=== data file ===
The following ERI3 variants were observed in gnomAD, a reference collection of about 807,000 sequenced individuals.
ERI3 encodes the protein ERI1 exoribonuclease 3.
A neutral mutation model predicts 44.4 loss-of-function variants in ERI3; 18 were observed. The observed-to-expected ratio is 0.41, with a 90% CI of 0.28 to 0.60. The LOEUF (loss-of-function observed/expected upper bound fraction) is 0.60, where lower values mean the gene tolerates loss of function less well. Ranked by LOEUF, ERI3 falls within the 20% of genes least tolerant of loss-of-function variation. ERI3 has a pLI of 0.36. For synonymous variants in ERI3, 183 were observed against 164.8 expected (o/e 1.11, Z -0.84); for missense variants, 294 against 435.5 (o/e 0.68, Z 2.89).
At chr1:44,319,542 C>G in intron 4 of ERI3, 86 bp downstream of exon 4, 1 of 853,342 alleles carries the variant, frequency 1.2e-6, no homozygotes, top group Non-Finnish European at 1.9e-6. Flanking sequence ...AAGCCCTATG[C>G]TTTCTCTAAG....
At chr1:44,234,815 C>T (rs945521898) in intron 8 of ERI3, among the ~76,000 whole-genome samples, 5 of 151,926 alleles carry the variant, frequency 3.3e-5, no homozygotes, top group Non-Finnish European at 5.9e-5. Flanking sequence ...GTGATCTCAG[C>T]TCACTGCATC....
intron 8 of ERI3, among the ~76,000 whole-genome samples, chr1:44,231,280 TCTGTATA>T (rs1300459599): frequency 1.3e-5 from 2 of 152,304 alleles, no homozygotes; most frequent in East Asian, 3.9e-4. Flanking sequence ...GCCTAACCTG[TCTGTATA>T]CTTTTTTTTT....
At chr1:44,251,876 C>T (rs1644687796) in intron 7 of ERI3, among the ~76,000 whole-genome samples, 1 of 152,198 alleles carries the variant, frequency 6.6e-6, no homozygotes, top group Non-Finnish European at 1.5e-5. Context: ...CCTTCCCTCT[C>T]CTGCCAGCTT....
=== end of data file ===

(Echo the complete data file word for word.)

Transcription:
The following ERI3 variants were observed in gnomAD, a reference collection of about 807,000 sequenced individuals.
ERI3 encodes the protein ERI1 exoribonuclease 3.
A neutral mutation model predicts 44.4 loss-of-function variants in ERI3; 18 were observed. The observed-to-expected ratio is 0.41, with a 90% CI of 0.28 to 0.60. The LOEUF (loss-of-function observed/expected upper bound fraction) is 0.60, where lower values mean the gene tolerates loss of function less well. Ranked by LOEUF, ERI3 falls within the 20% of genes least tolerant of loss-of-function variation. ERI3 has a pLI of 0.36. For synonymous variants in ERI3, 183 were observed against 164.8 expected (o/e 1.11, Z -0.84); for missense variants, 294 against 435.5 (o/e 0.68, Z 2.89).
At chr1:44,319,542 C>G in intron 4 of ERI3, 86 bp downstream of exon 4, 1 of 853,342 alleles carries the variant, frequency 1.2e-6, no homozygotes, top group Non-Finnish European at 1.9e-6. Flanking sequence ...AAGCCCTATG[C>G]TTTCTCTAAG....
At chr1:44,234,815 C>T (rs945521898) in intron 8 of ERI3, among the ~76,000 whole-genome samples, 5 of 151,926 alleles carry the variant, frequency 3.3e-5, no homozygotes, top group Non-Finnish European at 5.9e-5. Flanking sequence ...GTGATCTCAG[C>T]TCACTGCATC....
intron 8 of ERI3, among the ~76,000 whole-genome samples, chr1:44,231,280 TCTGTATA>T (rs1300459599): frequency 1.3e-5 from 2 of 152,304 alleles, no homozygotes; most frequent in East Asian, 3.9e-4. Flanking sequence ...GCCTAACCTG[TCTGTATA>T]CTTTTTTTTT....
At chr1:44,251,876 C>T (rs1644687796) in intron 7 of ERI3, among the ~76,000 whole-genome samples, 1 of 152,198 alleles carries the variant, frequency 6.6e-6, no homozygotes, top group Non-Finnish European at 1.5e-5. Context: ...CCTTCCCTCT[C>T]CTGCCAGCTT....